“Don’t label me Bangladeshi,” says Ruma Mandal, 36, as she wears a bindi before posing for a photograph. “I am Odia. I have forgotten to speak Bangla.”
According to a 14-year-old partial list shared by Kendrapara administration, Ruma is one of the “Bangladeshi infiltrators” settled in Banipal village. The list was prepared in 2005. At the time, BJD ruled Odisha in alliance with the BJP. In a written response to The Indian Express, the district administration has said no methodology was applied to ascertain “Bangladeshis” in 2005.
Move creating fissures
Following the SC’s direction to Chief Justices of high courts of 15 states to monitor ecological conservation of wetlands, the Orissa High Court had taken up restoration of ecology of Bhitarkanika National Park and Chilika Lake. The issue has now started creating fissures between the Odia and Bengali population in the area. The latter had come to the place as seasonal labourers who helped with local agriculture.
The names of Ruma’s husband Sajaya, her eldest daughter and now dead parents-in-law are on the list. Since then, she has had four more children.
Amid reports that the National Register of Citizens (NRC) may be implemented in Kendrapara, Ruma fears she will be deported. “It won’t be fair,” she says, adding, “I am from Bhadrak, married someone from Bangladesh. My children and I are Indian citizens.”
Earlier this month, a court-endorsed committee, which oversees wetland conservation and protection in the state, suggested to the Home Department to initiate processes to implement NRC in the district.
Documents accessed by The Indian Express indicate the suggestion was proposed by amicus curiae Mohit Agarwal, who is assisting Odisha High Court on monitoring and protection of Bhitarkanika and Chilika wetlands. Ruma’s village falls under Bhitarkanika.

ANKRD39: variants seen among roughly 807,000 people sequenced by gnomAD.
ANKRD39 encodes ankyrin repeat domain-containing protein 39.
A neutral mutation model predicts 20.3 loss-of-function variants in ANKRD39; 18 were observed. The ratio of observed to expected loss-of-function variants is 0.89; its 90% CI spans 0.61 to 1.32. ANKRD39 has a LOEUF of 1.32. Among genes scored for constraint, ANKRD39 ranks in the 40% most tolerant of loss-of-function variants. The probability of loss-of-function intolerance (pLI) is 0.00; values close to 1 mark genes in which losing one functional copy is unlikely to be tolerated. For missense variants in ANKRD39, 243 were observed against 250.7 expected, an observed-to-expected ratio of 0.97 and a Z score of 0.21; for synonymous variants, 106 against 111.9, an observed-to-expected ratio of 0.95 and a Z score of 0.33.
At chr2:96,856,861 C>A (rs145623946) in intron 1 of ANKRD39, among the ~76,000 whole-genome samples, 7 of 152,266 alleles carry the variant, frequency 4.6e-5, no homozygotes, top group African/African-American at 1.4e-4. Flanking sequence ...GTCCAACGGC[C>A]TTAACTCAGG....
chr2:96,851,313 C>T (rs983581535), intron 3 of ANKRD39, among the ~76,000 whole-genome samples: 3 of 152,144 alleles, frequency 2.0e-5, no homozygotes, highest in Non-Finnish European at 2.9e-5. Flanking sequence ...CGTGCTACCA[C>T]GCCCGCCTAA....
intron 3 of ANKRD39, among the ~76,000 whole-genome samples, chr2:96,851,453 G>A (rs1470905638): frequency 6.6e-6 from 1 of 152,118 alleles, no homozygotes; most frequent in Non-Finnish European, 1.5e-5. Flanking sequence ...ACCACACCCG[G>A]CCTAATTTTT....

Then Director, Environment, and Special Secretary, Forest, K Murugesan Murugesan had told The Indian Express that the committee forwarded a request from the amicus curiae. “The committee is concerned only with protection of wetlands. We are evicting encroachers. This has nothing to do with Bangladeshi immigrants,” Additional Chief Secretary, Forest and Environment Department, S C Mahapatra, said.
Answering a query as to why wetland protection is turning into a hunt for illegal settlers, Agarwal says he has no political agenda. “But I am concerned about national security.”
Citing “unofficial sources”, he said the number of “Bangladeshis” in the state has gone up to seven lakh.
Collector Samarth Verma refused to put a figure to the number of “Bangladeshis” in the district.
Meanwhile, local residents have started speculating on who can be identified as a Bangladeshi. But replies differ based on who is answering. “All Bengali speakers here are Bangladeshi,” says Sambhu Das, 60, from Sir-Rajendrapur village, next to Banipal. “We only speak Odia.”
Many Bengali speakers deny such claims. “We are from (West Bengal’s) Medinipur district,” says one, refusing to give his name. “Just because we speak Bangla does not make us foreigners.”
Among those designated “Bangladeshis”, Ruma is the only one to come on record. She lays out the family’s voter and Aadhaar cards.
“How can I be given all these documents if I am an outsider?”